Speak, Clarence, Speak!

America waited seven years for Justice Clarence Thomas to speak from the bench -- and when he finally did, he didn't say much.

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Larry Downing/Reuters

He did not ask a pointed question.

He did not offer a poignant declaration of law or fact.

He did not humbly seek clarity from his colleagues on the bench or from the attorneys arguing before him.

He did not earnestly bend the arc of justice one way or the other.

For posterity, the official transcript of the United States Supreme Court reflects only that he uttered four words, and yet for hours afterward there was a Talmudic-like discussion over precisely what Justice Clarence Thomas had said and what he had meant. This is what happens, evidently, when you stay mute from behind the bench as a justice, year in and year out, through some of the most momentous legal disputes of this or any other era in American history.

"Clarence Thomas breaks nearly 7-year silence," reported Reuters. "Thomas Makes Jokes in First High Court Argument Words Since 2006," reported Bloomberg. "Justice Clarence Thomas Speaks, but What Does He Say?" asked ABC News. "Seven-Year Itch," reported the Wall Street Journal. "Clarence Thomas breaks long silence during Supreme Court oral argument," reported the Washington Post. Here's how Adam Liptak, the Supreme Court reporter for the New York Times, described the momentous event:

WASHINGTON -- Around 11:45 on Monday morning, Justice Clarence Thomas broke almost seven years of silence during Supreme Court arguments. But it was not entirely clear what he said.

The justices were considering the qualifications of a death penalty defense lawyer in Louisiana, and Justice Antonin Scalia noted that she had graduated from Yale Law School, which is, by some measures, the best in the nation. It is also Justice Thomas's alma mater.

Justice Thomas leaned into his microphone, and in the midst of a great deal of cross talk among the justices, cracked a joke. Or so it seemed to people in the courtroom.

The official transcript confirms that Justice Thomas spoke, for the first time since Feb 22, 2006. It attributes these words to him, after a follow-up comment from Justice Scalia concerning a male graduate of Harvard Law School: "Well - he did not --." That is all the transcript recites.

Though the transcription is incomplete, people in the courtroom understood him to say that a law degree from Yale may actually be proof of incompetence. What follows in the transcript supports that view. First, there is a notation indicating laughter in the courtroom. The stray set of four words attributed to Justice Thomas are in no sense a joke or other occasion for laughter.

The episode reminds me of the scene from Forrest Gump, near the end, when after running all over the nation, and generating a devoted following of earnest followers who believe that he has achieved some profound wisdom, Forrest suddenly stops. The crowd which has run with him -- run behind him, actually -- crowds near to hear his epiphany. "They just couldn't believe that somebody would do all that running or no reason," Forrest's voice is heard to say. "Why are you doing this?" a reporter asks him. "I just felt like running," Forrest replies.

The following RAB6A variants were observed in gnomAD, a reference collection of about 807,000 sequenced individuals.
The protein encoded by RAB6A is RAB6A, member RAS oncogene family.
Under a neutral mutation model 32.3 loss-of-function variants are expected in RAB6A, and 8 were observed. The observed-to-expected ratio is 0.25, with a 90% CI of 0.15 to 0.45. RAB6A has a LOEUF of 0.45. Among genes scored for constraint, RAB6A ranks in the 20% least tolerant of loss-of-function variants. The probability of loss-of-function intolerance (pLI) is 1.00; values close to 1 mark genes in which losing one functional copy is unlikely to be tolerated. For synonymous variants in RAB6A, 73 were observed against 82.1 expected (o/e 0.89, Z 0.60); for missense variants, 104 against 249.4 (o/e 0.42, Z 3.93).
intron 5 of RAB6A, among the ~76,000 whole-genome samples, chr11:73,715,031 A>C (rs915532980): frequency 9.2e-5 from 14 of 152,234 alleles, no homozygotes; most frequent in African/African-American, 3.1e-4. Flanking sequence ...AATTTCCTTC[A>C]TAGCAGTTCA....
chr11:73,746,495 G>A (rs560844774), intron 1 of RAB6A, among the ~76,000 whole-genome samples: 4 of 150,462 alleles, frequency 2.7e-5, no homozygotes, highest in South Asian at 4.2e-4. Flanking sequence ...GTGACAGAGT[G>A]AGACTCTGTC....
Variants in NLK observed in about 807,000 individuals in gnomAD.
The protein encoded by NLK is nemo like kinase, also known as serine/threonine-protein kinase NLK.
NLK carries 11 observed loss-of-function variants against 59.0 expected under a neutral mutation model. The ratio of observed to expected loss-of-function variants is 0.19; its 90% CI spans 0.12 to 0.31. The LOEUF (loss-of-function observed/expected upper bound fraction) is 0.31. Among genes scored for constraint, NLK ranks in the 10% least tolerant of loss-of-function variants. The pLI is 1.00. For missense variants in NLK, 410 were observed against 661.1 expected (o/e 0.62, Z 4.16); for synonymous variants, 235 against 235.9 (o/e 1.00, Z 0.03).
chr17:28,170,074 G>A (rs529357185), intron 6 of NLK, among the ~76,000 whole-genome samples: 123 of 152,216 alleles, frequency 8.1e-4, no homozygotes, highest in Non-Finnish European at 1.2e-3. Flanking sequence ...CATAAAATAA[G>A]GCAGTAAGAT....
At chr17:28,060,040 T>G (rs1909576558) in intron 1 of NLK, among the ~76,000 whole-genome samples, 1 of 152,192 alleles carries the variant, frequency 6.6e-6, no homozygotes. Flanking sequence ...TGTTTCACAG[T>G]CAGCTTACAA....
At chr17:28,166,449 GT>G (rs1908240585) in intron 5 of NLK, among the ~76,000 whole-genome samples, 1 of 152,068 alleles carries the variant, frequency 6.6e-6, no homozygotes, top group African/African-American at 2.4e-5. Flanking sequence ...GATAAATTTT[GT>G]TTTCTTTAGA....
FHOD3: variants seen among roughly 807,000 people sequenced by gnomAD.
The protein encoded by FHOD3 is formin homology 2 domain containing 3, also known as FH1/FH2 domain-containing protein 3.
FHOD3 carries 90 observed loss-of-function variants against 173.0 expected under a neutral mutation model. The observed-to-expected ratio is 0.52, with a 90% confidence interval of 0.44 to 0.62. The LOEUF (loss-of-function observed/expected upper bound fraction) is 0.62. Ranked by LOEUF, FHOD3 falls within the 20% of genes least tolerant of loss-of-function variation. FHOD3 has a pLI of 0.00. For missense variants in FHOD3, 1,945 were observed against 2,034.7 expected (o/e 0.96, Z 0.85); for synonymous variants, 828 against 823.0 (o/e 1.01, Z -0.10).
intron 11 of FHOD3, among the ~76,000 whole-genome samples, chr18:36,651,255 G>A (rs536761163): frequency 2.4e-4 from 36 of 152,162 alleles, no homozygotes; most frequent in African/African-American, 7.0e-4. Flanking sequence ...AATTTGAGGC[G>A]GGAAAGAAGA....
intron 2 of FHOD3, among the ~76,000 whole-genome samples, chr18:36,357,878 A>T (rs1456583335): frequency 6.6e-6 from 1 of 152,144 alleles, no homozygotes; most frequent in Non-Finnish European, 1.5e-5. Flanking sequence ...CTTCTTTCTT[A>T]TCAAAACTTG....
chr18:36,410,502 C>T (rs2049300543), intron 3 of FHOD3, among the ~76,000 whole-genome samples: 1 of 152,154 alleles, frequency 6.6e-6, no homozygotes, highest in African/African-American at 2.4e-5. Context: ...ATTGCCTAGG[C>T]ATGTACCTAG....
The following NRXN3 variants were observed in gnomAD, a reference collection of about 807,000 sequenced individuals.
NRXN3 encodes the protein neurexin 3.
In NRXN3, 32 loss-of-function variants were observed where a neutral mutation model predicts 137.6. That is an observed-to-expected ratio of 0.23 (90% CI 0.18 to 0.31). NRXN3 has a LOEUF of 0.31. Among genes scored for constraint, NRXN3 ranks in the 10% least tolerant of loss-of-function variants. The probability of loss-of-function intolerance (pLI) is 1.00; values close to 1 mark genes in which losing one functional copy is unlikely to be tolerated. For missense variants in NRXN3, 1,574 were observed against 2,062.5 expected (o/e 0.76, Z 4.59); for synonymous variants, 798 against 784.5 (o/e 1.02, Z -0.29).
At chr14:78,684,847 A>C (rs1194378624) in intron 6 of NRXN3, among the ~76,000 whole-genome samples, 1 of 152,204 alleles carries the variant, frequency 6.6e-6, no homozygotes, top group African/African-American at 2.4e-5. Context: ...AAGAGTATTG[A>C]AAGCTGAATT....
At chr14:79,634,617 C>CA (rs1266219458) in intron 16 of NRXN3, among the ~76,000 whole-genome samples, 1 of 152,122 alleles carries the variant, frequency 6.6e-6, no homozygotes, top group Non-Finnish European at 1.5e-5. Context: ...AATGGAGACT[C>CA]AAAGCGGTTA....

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Paramount

I am glad that Justice Thomas was involved in some merriment at the court Monday -- whether it was a good joke or not. As far as I'm concerned, the more he speaks from the bench the better off the court will be. Jeffrey Toobin, the High Court's unofficial psychologist, offered up at the New Yorker an interesting perspective on why this particular exchange, from the thousands of previous exchanges between lawyers and justices which Justice Thomas has heard during his long silence on the court, prompted him finally to pipe up. Toobin wrote:

The transcript is ambiguous, but the gist of Thomas's joke -- which marked the first time he's spoken in open court since February 22, 2006 -- appears to be that graduation from Yale is a sign of incompetence. If that's what Thomas said -- and I bet it was -- the wisecrack comes with a long history. For many years, Thomas viewed Yale with undisguised hostility. The gist of his complaint was that he was admitted under an affirmative-action program -- and, as a result, suffered from a stigma that tainted his judicial career. ... Thomas and Yale repaired their relationship in recent years ... But, as this latest remark showed, Thomas's anger at Yale is not gone.

With all due respect to Jeff, I prefer the simpler explanation. On Monday, after 2519 days, maybe Clarence Thomas just felt like talking.

Presented by

Andrew Cohen is a contributing editor at The Atlantic. He is a legal analyst for 60 Minutes and CBS Radio News, a fellow at the Brennan Center for Justice, and Commentary Editor at The Marshall Project

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